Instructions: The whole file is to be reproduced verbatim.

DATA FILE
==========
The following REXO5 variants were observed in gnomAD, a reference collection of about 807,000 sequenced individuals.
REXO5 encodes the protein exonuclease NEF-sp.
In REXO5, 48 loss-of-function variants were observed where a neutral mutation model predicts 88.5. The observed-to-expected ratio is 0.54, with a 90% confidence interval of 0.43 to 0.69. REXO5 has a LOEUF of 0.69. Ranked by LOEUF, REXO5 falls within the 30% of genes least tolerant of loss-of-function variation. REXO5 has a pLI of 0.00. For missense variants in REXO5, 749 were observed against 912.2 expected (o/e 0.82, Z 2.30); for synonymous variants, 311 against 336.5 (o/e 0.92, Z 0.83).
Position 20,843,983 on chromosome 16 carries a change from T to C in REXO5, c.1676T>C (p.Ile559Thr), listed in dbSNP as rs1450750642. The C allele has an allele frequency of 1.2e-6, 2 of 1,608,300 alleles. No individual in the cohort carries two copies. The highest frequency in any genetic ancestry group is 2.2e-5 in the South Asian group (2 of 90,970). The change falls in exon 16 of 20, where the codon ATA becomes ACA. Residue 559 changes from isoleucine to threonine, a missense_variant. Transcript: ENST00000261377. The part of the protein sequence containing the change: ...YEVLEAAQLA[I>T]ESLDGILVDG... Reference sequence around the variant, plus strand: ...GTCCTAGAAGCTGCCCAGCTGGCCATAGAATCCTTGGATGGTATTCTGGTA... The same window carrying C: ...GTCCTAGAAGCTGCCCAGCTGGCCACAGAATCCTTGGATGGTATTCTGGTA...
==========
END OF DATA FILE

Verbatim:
The following REXO5 variants were observed in gnomAD, a reference collection of about 807,000 sequenced individuals.
REXO5 encodes the protein exonuclease NEF-sp.
In REXO5, 48 loss-of-function variants were observed where a neutral mutation model predicts 88.5. The observed-to-expected ratio is 0.54, with a 90% confidence interval of 0.43 to 0.69. REXO5 has a LOEUF of 0.69. Ranked by LOEUF, REXO5 falls within the 30% of genes least tolerant of loss-of-function variation. REXO5 has a pLI of 0.00. For missense variants in REXO5, 749 were observed against 912.2 expected (o/e 0.82, Z 2.30); for synonymous variants, 311 against 336.5 (o/e 0.92, Z 0.83).
Position 20,843,983 on chromosome 16 carries a change from T to C in REXO5, c.1676T>C (p.Ile559Thr), listed in dbSNP as rs1450750642. The C allele has an allele frequency of 1.2e-6, 2 of 1,608,300 alleles. No individual in the cohort carries two copies. The highest frequency in any genetic ancestry group is 2.2e-5 in the South Asian group (2 of 90,970). The change falls in exon 16 of 20, where the codon ATA becomes ACA. Residue 559 changes from isoleucine to threonine, a missense_variant. Transcript: ENST00000261377. The part of the protein sequence containing the change: ...YEVLEAAQLA[I>T]ESLDGILVDG... Reference sequence around the variant, plus strand: ...GTCCTAGAAGCTGCCCAGCTGGCCATAGAATCCTTGGATGGTATTCTGGTA... The same window carrying C: ...GTCCTAGAAGCTGCCCAGCTGGCCACAGAATCCTTGGATGGTATTCTGGTA...